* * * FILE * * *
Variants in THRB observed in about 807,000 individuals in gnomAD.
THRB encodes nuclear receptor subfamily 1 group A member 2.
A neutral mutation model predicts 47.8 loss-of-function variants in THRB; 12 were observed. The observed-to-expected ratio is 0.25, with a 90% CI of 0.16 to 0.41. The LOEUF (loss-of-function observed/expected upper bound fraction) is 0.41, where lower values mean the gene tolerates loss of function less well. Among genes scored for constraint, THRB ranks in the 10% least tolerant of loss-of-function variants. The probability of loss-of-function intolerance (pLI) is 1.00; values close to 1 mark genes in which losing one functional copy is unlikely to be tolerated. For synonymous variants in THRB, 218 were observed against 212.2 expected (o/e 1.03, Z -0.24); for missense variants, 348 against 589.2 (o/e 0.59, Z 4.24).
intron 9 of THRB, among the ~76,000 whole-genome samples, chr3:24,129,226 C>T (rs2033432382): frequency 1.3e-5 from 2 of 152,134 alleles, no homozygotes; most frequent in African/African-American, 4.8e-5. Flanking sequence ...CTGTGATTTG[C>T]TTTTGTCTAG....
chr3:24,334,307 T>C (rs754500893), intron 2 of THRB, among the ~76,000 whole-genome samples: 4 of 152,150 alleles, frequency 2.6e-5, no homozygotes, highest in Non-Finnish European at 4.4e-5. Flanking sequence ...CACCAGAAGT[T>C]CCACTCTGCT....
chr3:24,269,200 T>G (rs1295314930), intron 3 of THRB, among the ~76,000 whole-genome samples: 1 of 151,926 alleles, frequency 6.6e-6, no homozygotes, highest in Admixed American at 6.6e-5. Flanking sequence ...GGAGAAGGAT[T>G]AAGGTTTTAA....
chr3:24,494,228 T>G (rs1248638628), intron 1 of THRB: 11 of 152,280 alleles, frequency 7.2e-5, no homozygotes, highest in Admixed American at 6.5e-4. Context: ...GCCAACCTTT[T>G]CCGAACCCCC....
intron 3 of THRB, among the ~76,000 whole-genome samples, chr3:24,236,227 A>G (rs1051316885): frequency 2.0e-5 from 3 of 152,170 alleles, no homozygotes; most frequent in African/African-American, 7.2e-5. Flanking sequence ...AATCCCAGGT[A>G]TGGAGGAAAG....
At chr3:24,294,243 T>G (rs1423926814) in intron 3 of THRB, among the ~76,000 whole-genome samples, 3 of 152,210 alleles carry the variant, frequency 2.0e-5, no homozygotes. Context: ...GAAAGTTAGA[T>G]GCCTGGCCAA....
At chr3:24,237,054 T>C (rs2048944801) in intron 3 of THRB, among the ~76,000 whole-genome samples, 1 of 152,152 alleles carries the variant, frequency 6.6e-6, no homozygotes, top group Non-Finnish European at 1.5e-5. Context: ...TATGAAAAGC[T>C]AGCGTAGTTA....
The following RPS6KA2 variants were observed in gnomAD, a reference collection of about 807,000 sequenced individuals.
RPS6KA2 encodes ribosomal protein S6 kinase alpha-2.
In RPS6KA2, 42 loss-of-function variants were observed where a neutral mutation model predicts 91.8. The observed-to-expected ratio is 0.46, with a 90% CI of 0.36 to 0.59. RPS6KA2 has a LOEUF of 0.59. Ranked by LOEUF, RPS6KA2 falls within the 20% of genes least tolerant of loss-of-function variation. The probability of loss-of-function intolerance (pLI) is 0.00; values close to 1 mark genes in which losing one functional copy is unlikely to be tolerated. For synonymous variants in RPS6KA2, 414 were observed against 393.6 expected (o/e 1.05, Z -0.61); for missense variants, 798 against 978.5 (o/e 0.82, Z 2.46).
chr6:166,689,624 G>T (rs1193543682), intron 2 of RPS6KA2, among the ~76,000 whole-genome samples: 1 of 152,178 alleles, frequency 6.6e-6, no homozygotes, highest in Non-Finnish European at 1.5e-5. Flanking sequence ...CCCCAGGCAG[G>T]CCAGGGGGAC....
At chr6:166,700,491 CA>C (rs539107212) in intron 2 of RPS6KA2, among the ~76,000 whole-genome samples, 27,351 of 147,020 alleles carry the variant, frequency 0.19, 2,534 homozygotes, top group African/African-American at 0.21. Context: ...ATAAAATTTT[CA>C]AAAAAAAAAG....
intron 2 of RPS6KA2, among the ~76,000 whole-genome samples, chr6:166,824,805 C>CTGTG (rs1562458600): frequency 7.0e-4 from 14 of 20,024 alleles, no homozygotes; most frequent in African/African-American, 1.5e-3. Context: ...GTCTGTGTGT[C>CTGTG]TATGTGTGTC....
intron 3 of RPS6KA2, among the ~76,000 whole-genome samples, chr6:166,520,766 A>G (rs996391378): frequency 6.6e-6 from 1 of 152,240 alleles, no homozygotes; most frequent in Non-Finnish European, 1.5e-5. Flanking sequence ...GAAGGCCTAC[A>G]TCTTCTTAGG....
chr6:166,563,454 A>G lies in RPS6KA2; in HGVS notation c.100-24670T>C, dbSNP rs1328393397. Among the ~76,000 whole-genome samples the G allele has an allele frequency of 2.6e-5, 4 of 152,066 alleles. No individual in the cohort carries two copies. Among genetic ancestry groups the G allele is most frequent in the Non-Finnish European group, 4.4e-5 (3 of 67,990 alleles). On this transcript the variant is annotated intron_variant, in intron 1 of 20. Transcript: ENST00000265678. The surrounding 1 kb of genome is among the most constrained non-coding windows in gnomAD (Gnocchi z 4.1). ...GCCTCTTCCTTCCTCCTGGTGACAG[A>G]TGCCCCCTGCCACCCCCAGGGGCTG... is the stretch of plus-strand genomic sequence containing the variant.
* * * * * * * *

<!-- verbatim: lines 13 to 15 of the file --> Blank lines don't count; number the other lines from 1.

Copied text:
In RPS6KA2, 42 loss-of-function variants were observed where a neutral mutation model predicts 91.8. The observed-to-expected ratio is 0.46, with a 90% CI of 0.36 to 0.59. RPS6KA2 has a LOEUF of 0.59. Ranked by LOEUF, RPS6KA2 falls within the 20% of genes least tolerant of loss-of-function variation. The probability of loss-of-function intolerance (pLI) is 0.00; values close to 1 mark genes in which losing one functional copy is unlikely to be tolerated. For synonymous variants in RPS6KA2, 414 were observed against 393.6 expected (o/e 1.05, Z -0.61); for missense variants, 798 against 978.5 (o/e 0.82, Z 2.46).
chr6:166,689,624 G>T (rs1193543682), intron 2 of RPS6KA2, among the ~76,000 whole-genome samples: 1 of 152,178 alleles, frequency 6.6e-6, no homozygotes, highest in Non-Finnish European at 1.5e-5. Flanking sequence ...CCCCAGGCAG[G>T]CCAGGGGGAC....
At chr6:166,700,491 CA>C (rs539107212) in intron 2 of RPS6KA2, among the ~76,000 whole-genome samples, 27,351 of 147,020 alleles carry the variant, frequency 0.19, 2,534 homozygotes, top group African/African-American at 0.21. Context: ...ATAAAATTTT[CA>C]AAAAAAAAAG....